Regarding your main argument, I can’t say that I agree. I don’t think it’s the length that matters, it’s the quality. YouTube viewers are not accustomed to watching long video clips, and -unless- the content is really engaging, I suspect that many people will not watch longer videos past a certain point; worse, a longer video without substance or appeal will likely backfire and dilute the quality (resulting in a lower rating). Consider that the average YouTube video is around 3 minutes, according to this page and that internet users have many alternative viewing options. There is likely an optimal viewing length on the basis of what the content is, and how it connects with its audience (going back to why people viewed Obama’s video’s more – he’s the champion of the YouTube audience). As an example, which of the following would the average YouTube user be willing to watch a 10 minutes clip of:

1. News: tuition prices to increase by 150%
2. News: seniors home care costs to increase by 150%

The interesting thing for me is how the younger generation will react to McCain in the upcoming election. I don’t even think it will be a competition within this demographic because young viewers don’t identify with McCain on a lot of issues, or his methods of communication. Obama will have a virtual monopoly on YouTube because even if McCain does post videos of the same length as Obama, he’s just not believable over this media channel; consider that McCain has admitted that he is computer illiterate; I don’t think his voice will not be seen as authentic and perhaps even fake (Integrity norm).

Will Dick
Jun 12, 2008 10:58


I think you’re right on all points.

The case of Ron Paul may actually contradict my argument that a candidate’s success online depends on how they use technology. I have heard that Paul’s campaign knew little about web 2.0 tools, and that is net popularity grew very organically. Perhaps you know more about this.

Will Dick
Jun 12, 2008 12:14


First, I don’t think longer is better in itself. I just think length is a rough proxy for the insightfulness of a video, and that that is what viewers are looking for.

Second, I really don’t buy this idea that people on the Internet have short attention spans. YouTube videos tend to be short because the high quality long ones are often taken down for copyright violations. The number of TV channels I have has gone up by the hundreds, but my favourite shows have become longer (an hour vs half and hour).

Third, I think that McCain has lost legitimacy on YouTube less because of his policies, and more because he treats its users as dumb.

Jun 12, 2008 13:00

Nice work will. I would like to meet this “house of Politics majors and Obama supporters” and shake their hands.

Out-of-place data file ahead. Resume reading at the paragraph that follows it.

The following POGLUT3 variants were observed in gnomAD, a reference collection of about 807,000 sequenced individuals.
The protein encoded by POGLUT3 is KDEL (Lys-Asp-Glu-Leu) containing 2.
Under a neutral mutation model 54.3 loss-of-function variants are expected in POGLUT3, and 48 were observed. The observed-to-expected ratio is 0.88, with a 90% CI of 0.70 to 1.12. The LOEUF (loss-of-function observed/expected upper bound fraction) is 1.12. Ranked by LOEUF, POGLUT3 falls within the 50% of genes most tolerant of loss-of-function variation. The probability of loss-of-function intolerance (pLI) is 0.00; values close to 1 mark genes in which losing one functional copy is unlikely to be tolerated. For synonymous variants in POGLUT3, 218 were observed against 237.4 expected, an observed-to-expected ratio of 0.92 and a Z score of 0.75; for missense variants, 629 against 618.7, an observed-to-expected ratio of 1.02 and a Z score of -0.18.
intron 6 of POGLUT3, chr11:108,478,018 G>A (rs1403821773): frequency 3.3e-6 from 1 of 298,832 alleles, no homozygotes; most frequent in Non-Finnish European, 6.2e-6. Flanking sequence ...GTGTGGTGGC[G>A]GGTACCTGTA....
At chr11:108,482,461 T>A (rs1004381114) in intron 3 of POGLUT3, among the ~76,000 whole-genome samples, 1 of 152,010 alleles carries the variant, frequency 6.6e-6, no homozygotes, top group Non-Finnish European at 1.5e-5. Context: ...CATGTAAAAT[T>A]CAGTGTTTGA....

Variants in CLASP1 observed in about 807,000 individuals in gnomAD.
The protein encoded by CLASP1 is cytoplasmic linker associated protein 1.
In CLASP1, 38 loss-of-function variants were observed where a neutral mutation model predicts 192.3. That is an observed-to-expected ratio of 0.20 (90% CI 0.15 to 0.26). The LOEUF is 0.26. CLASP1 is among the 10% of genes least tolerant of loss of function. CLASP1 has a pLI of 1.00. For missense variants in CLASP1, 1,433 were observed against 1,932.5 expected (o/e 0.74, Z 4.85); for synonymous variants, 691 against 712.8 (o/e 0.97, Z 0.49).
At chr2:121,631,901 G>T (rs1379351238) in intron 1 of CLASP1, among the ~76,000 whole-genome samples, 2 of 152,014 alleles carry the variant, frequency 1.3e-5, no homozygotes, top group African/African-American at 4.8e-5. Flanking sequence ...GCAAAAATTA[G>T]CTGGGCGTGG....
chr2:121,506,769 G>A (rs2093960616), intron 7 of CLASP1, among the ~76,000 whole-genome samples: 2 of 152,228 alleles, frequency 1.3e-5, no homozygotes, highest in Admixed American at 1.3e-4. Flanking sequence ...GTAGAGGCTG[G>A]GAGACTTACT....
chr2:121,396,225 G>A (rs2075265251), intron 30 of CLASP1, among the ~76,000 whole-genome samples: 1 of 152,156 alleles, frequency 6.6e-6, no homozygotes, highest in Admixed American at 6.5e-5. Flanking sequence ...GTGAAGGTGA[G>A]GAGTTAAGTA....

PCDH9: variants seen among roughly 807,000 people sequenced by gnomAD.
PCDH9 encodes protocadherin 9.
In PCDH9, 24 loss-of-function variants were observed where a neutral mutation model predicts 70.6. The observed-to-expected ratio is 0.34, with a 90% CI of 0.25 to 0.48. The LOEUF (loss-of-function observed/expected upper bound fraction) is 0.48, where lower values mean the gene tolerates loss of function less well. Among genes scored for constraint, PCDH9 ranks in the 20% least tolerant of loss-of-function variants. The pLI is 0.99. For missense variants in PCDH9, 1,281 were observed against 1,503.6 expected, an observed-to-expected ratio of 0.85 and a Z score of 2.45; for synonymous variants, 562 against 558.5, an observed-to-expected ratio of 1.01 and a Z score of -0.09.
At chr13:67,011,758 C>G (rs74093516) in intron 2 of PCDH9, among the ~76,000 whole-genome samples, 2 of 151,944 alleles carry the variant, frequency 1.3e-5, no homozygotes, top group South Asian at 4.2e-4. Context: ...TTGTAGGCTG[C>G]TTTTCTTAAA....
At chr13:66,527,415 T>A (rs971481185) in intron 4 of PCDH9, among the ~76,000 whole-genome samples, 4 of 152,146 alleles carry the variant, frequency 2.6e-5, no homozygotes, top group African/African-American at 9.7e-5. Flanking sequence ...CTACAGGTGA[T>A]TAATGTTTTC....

Wikinomics » Blog Archive » Internet Skimming: Attention Deficit or Time Management?
Jun 12, 2008 17:00

[...] you’re going to be naked, you better be buff – A video diaryMore on Obama and wikinomicsObama’s YouTube Secret: Longer VideosThe customer should [...]

Jun 12, 2008 17:06

Yet another reason to love him.
I bet many of the long videos that get lots of hits are speeches. People love to see Obama’s speeches in their entirety, and those only air on TV once, if ever. Obama often puts his stump speeches up there as well. It’s a great way for him to showcase his strength and to let people see what he actually says on the trail, apart from the soundbites the media extracts. I bet that if McCain and Clinton did the same thing, they wouldn’t get nearly as many hits; their speeches aren’t as compelling and therefore aren’t as widely discussed.

Jun 16, 2008 22:04

Hi Will,

This is great research. You can also refer to detail analysis of Online video and its effect on the primaries this year. divinity Metrics has gone beyond the video uploaded by the campaigns themselves and have done a deep analysis of all the video uploaded by all the users from around the world.


I think they can also provide you with additional research information about the average length + views of the videos uploaded by users on YouTube.

David Dillon
Jun 17, 2008 0:39

Johnson, amazing link. Thank you.

Jun 20, 2008 11:23

Watch you every move and what you say remember Clinton watched Kerry lose so she could run in four year. She might make sure you lose. I do want you in the white house Bob

Video Lecture (II): What is the ideal length of your video? « North Institute
Mar 25, 2009 16:25

[...] (But then again, there are those game highlights you can purchase for 99 cents.) According to Will Dick of Wikinomics, Obama attracts more viewers during the 2008 Campaign because of his longer videos. As a matter [...]